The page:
Drafting often brings out the most angst in fantasy owners. There are always questions as to whether or not the right player has been selected, if a player was drafted too high, or if he will be able to perform.
The common word in all of that is "if." There is no way to eliminate the risk associated with drafting any player.
As owners, it is possible to reduce it through selection of players that will produce at a comparable level but be drafted later.
With all the tools at the disposal of fantasy managers, one that is not used as much as it should be is the ADP, or Average Draft Position. This statistic tells you exactly where in a typical draft a player is being taken.
It eliminates the size of the league strictly because it discusses overall placement. Understanding how to use it in an advantageous manner will give an owner a slight edge on draft day.
Using this as a backdrop, there are certain players even in the shallowest positions that can produce statistics rivaling those selected much earlier.
Draft Justin Upton, Not Matt Kemp
To get the ball rolling with an easier one, owners should look at Upton rather than Kemp. While Kemp is a cornerstone player and a true No. 1 outfielder in 2010, Upton is just as primed to replicate the numbers. In 2009, the two recorded the following numbers:
Kemp: 606 AB (at-bats), 26 HR, 101 RBI, .297 AVG, 34 SB
Upton: 526 AB, 26 HR, 86 RBI, .300 AVG, 20 SB
Kemp has a 2010 ADP of 7.9, basically making him a first-round selection in all drafts. Upton, though, is available at around selection 32. There is just as much buzz surrounding Upton as there is Kemp, and Upton will come to owners at a less expensive price. While you cannot afford for either to fall on their face, it is less of an issue outside of Round One.
For sake of argument, at the same rates, Upton would have driven in just over 99 runs with 80 more official at-bats. From an overall perspective, both have maintained similar BABIP numbers, hovering around .350 last season and with both over .335 in 2008 as well. That would take some luck out of the equation, as it has been demonstrated that the numbers are repeatable.
For Upton, the greatest determinant of his ability to go blow-for-blow with Kemp will be his ability to stay on the field. Upton played in only 109 games in 2008 and 138 games last season, landing on the DL in both years for a stretch of time.
The parallel with Carl Crawford may be better statistically, and one could easily argue the merits of Upton over the selection of Crawford as well.
Draft Rajai Davis or Nyjer Morgan, Not Michael Bourn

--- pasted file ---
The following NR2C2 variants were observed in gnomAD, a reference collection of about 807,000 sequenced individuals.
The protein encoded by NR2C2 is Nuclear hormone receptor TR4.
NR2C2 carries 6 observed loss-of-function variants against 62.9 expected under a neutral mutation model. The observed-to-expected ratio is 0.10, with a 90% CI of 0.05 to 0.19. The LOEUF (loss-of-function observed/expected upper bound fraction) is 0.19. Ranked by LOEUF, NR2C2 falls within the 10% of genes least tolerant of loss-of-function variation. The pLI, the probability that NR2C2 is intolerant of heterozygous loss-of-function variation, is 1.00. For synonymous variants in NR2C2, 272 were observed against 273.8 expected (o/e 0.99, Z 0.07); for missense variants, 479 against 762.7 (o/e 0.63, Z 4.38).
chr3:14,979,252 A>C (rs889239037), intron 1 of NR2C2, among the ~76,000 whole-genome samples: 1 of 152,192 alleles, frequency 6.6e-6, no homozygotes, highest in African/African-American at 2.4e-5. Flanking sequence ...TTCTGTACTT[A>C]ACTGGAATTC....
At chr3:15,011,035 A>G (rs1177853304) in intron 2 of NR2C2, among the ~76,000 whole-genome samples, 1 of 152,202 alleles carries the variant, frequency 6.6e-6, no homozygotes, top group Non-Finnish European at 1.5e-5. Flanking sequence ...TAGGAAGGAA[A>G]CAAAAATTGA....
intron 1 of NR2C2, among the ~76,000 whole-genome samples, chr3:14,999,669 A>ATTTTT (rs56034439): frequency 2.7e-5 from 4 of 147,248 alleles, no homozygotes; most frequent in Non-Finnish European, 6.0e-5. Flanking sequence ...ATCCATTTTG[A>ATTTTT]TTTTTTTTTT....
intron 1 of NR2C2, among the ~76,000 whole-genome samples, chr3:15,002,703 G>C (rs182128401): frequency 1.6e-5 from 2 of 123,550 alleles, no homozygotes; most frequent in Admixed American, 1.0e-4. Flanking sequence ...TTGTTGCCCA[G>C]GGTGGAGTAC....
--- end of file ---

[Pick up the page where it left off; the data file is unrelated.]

This next debate has been floating around on the Internet a fair amount recently, generating heated responses from both sides. The fact is, Bourn is going to cost an owner a pick too early in the draft to return the needed value. It is not that he is worthless; he just does not provide enough of a balanced platform when compared to Morgan and Davis.
The infatuation with the Astros’ outfielder began last season, and with good reason. After all, he stole 60 bases, hit .285, scored nearly 100 runs, and had 171 hits. There is very little not to like about a line like that. The concern that should arise is whether or not this is sustainable.
When you peel back the onion a bit, Bourn’s .367 BABIP looks unrealistic. His previous career high had been .330 with the Phillies in 2007, a season where he played just 105 games.
Luck, therefore, can be assumed to have a lot to do with the average that is propping up his current value. With his contact rates and swing percents seeming constant over the last three seasons, this is the only material difference.
There is no doubt he will still steal bases, but the expectation should be for his average to fall much closer to .270 than to advance above .285. His ADP being around 66 makes the return too risky.
While Morgan does not have much professional experience to draw upon, those that draft him should note the continued consistency in his numbers from the minors to the majors. Morgan has shown a BABIP around .350 in every year of professional baseball, making him much more likely to hover near his .307 average of last season.
Additionally, owners will lose very little in terms of overall speed. Morgan stole 42 bases in an injury-shortened campaign last year. He also scored 74 runs in just 120 games. He comes at a solid value compared to Bourn, with an ADP of 126.
Davis might also be a case where there is some regression in his batting average, but it will not cost owners the same price. In fact, he comes the cheapest of the bunch with an ADP just north of 166.